If you’re in an accident, do NOT talk to anyone else about the accident itself besides your lawyer, your insurance company (not the other drivers’), and the police. If the other driver’s insurance company contacts you directly, you can politely decline and ask them to speak with your insurance company or your lawyer.

9. Keep track of any expenses that come about because of the accident.

Find out what type of parts will be used for your repair BEFORE any repairs take place. Your insurance carrier is going to need to know if your vehicle is being repaired using original equipment manufacturer (OEM) parts or aftermarket parts so that they can properly compensate you for the repairs. Also, keep track of other expenses that might come up because of the accident.

Navigating the process of making a car insurance claim can seem a little overwhelming. Hopefully, these tips can give you a framework to work from when keeping track of the process. However, when you’re looking for more detailed help, it helps to have an experienced insurance agent on your side.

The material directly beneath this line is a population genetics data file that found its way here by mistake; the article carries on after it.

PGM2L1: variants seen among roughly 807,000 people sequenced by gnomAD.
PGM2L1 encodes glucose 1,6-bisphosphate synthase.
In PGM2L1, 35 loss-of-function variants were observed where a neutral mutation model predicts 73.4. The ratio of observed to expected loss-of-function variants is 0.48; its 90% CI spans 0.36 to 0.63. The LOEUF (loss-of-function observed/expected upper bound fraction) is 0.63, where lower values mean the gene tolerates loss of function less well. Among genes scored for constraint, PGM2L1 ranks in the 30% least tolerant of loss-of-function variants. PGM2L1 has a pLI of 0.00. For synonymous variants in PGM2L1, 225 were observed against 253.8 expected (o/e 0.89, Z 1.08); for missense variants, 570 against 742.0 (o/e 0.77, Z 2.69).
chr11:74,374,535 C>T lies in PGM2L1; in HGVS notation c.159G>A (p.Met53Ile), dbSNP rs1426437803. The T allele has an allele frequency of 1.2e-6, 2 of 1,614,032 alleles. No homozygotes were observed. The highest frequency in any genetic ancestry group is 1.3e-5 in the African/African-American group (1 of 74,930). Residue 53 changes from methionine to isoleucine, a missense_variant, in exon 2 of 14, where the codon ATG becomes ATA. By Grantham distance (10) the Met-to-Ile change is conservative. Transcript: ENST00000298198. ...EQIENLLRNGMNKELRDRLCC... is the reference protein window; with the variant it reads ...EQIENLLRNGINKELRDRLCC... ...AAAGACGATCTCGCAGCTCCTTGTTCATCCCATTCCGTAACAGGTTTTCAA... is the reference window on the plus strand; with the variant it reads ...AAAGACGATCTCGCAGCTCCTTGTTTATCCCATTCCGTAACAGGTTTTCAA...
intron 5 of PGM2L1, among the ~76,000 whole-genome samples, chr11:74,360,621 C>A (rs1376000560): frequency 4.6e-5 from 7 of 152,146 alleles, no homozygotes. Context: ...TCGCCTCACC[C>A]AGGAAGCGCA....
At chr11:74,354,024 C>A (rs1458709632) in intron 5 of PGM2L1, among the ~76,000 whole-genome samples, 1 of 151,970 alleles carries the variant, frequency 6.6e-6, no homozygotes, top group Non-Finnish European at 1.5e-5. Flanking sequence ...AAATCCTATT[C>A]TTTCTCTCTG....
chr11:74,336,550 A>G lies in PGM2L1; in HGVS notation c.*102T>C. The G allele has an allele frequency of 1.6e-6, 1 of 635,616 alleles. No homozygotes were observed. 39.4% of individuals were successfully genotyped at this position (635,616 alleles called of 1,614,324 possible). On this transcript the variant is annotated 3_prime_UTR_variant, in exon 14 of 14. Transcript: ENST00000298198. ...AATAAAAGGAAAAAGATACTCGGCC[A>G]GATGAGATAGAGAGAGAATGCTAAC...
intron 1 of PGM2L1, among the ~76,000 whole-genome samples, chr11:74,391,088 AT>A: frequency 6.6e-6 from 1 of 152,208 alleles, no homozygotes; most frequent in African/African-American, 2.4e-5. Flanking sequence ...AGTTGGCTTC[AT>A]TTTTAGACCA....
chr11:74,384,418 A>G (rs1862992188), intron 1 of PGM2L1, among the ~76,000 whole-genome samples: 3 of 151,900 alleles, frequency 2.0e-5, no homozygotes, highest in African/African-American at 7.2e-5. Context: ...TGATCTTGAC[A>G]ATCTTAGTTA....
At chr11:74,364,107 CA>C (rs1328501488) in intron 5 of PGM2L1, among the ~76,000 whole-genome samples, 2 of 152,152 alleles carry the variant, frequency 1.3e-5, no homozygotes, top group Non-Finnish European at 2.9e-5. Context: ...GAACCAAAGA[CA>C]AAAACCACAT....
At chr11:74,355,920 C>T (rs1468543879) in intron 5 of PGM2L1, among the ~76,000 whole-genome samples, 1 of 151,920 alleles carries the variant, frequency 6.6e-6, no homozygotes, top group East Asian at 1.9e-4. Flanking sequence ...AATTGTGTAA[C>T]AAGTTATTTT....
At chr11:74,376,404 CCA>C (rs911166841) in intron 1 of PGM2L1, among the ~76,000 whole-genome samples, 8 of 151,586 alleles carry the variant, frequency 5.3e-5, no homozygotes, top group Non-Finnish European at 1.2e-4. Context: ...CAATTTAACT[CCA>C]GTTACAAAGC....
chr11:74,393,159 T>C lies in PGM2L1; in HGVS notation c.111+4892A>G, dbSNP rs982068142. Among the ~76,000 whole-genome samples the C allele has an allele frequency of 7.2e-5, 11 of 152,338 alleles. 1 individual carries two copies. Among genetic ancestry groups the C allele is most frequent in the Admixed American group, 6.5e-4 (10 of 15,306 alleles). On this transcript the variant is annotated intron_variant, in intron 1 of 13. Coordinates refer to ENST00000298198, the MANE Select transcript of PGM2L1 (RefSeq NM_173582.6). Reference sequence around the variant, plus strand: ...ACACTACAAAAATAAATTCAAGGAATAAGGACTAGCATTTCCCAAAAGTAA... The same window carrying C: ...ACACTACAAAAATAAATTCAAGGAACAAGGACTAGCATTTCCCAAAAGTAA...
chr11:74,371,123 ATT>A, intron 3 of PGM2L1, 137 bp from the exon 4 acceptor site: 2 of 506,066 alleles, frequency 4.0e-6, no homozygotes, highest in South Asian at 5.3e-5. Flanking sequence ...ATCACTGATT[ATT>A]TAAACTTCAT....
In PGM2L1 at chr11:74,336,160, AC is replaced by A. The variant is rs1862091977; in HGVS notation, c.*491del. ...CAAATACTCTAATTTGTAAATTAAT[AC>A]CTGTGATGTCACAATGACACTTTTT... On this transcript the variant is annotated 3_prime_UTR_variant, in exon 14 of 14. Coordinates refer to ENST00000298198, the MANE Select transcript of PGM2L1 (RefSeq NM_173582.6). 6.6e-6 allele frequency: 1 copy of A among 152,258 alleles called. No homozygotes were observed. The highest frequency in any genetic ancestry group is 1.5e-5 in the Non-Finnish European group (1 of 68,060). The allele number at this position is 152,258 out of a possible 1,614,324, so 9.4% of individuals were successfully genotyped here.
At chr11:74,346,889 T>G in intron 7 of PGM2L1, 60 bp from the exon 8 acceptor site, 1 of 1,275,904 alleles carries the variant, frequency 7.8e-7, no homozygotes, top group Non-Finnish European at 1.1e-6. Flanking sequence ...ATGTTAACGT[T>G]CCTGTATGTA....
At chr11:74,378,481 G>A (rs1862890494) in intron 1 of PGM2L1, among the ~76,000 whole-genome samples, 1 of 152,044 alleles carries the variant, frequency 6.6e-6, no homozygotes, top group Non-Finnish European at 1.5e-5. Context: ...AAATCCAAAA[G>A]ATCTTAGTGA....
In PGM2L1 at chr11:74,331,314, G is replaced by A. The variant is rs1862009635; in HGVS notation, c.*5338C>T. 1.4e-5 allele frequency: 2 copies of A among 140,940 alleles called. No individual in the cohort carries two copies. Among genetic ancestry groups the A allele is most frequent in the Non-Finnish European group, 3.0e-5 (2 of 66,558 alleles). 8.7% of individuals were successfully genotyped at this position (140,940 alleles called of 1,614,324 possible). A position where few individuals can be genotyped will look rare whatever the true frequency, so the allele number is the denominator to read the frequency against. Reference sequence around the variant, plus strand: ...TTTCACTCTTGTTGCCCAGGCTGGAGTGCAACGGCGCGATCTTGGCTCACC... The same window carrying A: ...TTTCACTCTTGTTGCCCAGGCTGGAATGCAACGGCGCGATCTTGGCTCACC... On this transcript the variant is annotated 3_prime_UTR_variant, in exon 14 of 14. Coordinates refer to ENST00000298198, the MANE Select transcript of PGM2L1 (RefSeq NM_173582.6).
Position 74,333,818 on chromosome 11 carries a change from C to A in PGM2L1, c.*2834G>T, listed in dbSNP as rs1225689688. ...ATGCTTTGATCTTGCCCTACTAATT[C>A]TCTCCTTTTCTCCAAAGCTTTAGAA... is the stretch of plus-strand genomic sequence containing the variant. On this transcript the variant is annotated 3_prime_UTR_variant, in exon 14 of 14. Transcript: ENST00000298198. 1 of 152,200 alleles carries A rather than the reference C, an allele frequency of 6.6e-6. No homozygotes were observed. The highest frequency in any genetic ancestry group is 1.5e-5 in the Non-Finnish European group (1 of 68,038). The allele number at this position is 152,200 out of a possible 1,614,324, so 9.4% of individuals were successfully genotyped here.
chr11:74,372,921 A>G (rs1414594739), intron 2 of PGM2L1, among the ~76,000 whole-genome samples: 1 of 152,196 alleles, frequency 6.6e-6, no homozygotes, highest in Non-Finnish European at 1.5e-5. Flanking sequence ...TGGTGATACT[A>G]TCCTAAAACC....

Our insurance specialists know how to protect you before an incident with the right insurance. We can help you make sure that you have the coverage you need and save you money. Call us today or fill out our online form to make sure you’re not missing out on the best, affordable Atlanta auto insurance coverage you can get.

Car insurance: What’s the difference between nonrenewed and canceled?

If your car insurance is nonrenewed, find out why.

If your car insurance is nonrenewed, find out why.

Since driving without car insurance is, well, illegal, it can be more than a little stressful if you suddenly find yourself without coverage. Among the things that can make you lose car insurance coverage, the ones that could have a huge impact on your future insurance needs are if your policy is canceled or nonrenewed. There’s a big difference between the two, and one can cause a lot more mayhem for your future insurance coverage than the other. So, let’s take a look at the differences.